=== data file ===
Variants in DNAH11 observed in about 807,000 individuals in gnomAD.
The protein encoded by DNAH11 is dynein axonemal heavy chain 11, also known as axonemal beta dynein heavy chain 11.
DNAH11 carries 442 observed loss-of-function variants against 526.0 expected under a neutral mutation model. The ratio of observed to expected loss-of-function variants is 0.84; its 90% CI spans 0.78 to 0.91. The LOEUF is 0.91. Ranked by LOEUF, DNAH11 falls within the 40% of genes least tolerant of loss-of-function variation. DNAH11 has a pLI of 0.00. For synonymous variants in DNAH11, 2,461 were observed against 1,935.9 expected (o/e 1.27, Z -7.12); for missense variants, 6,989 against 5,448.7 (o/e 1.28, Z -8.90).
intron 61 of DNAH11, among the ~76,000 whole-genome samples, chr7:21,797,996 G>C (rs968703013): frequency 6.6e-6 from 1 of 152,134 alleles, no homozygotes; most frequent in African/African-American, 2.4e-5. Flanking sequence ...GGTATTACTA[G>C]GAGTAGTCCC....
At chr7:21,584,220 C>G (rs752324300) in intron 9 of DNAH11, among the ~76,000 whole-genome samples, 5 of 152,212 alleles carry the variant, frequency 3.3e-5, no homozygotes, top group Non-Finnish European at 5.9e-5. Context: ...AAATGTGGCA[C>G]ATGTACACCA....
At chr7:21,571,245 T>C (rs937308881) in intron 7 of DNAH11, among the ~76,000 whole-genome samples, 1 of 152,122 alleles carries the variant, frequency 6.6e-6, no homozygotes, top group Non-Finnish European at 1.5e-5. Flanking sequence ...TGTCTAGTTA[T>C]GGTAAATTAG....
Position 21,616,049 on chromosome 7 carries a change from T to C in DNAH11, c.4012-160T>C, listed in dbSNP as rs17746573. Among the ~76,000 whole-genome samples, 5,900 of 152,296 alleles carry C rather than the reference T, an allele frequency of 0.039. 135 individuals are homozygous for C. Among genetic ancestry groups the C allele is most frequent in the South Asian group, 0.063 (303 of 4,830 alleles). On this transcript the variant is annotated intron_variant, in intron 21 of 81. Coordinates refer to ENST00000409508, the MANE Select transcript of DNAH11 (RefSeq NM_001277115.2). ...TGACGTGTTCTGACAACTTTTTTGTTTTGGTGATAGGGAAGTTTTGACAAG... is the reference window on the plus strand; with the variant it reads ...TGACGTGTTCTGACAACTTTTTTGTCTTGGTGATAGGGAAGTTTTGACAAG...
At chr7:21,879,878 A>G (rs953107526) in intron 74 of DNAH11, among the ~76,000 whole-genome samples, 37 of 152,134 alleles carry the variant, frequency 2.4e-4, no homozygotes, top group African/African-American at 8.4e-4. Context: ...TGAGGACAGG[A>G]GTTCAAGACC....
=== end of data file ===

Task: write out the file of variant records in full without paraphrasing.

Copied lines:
Variants in DNAH11 observed in about 807,000 individuals in gnomAD.
The protein encoded by DNAH11 is dynein axonemal heavy chain 11, also known as axonemal beta dynein heavy chain 11.
DNAH11 carries 442 observed loss-of-function variants against 526.0 expected under a neutral mutation model. The ratio of observed to expected loss-of-function variants is 0.84; its 90% CI spans 0.78 to 0.91. The LOEUF is 0.91. Ranked by LOEUF, DNAH11 falls within the 40% of genes least tolerant of loss-of-function variation. DNAH11 has a pLI of 0.00. For synonymous variants in DNAH11, 2,461 were observed against 1,935.9 expected (o/e 1.27, Z -7.12); for missense variants, 6,989 against 5,448.7 (o/e 1.28, Z -8.90).
intron 61 of DNAH11, among the ~76,000 whole-genome samples, chr7:21,797,996 G>C (rs968703013): frequency 6.6e-6 from 1 of 152,134 alleles, no homozygotes; most frequent in African/African-American, 2.4e-5. Flanking sequence ...GGTATTACTA[G>C]GAGTAGTCCC....
At chr7:21,584,220 C>G (rs752324300) in intron 9 of DNAH11, among the ~76,000 whole-genome samples, 5 of 152,212 alleles carry the variant, frequency 3.3e-5, no homozygotes, top group Non-Finnish European at 5.9e-5. Context: ...AAATGTGGCA[C>G]ATGTACACCA....
At chr7:21,571,245 T>C (rs937308881) in intron 7 of DNAH11, among the ~76,000 whole-genome samples, 1 of 152,122 alleles carries the variant, frequency 6.6e-6, no homozygotes, top group Non-Finnish European at 1.5e-5. Flanking sequence ...TGTCTAGTTA[T>C]GGTAAATTAG....
Position 21,616,049 on chromosome 7 carries a change from T to C in DNAH11, c.4012-160T>C, listed in dbSNP as rs17746573. Among the ~76,000 whole-genome samples, 5,900 of 152,296 alleles carry C rather than the reference T, an allele frequency of 0.039. 135 individuals are homozygous for C. Among genetic ancestry groups the C allele is most frequent in the South Asian group, 0.063 (303 of 4,830 alleles). On this transcript the variant is annotated intron_variant, in intron 21 of 81. Coordinates refer to ENST00000409508, the MANE Select transcript of DNAH11 (RefSeq NM_001277115.2). ...TGACGTGTTCTGACAACTTTTTTGTTTTGGTGATAGGGAAGTTTTGACAAG... is the reference window on the plus strand; with the variant it reads ...TGACGTGTTCTGACAACTTTTTTGTCTTGGTGATAGGGAAGTTTTGACAAG...
At chr7:21,879,878 A>G (rs953107526) in intron 74 of DNAH11, among the ~76,000 whole-genome samples, 37 of 152,134 alleles carry the variant, frequency 2.4e-4, no homozygotes, top group African/African-American at 8.4e-4. Context: ...TGAGGACAGG[A>G]GTTCAAGACC....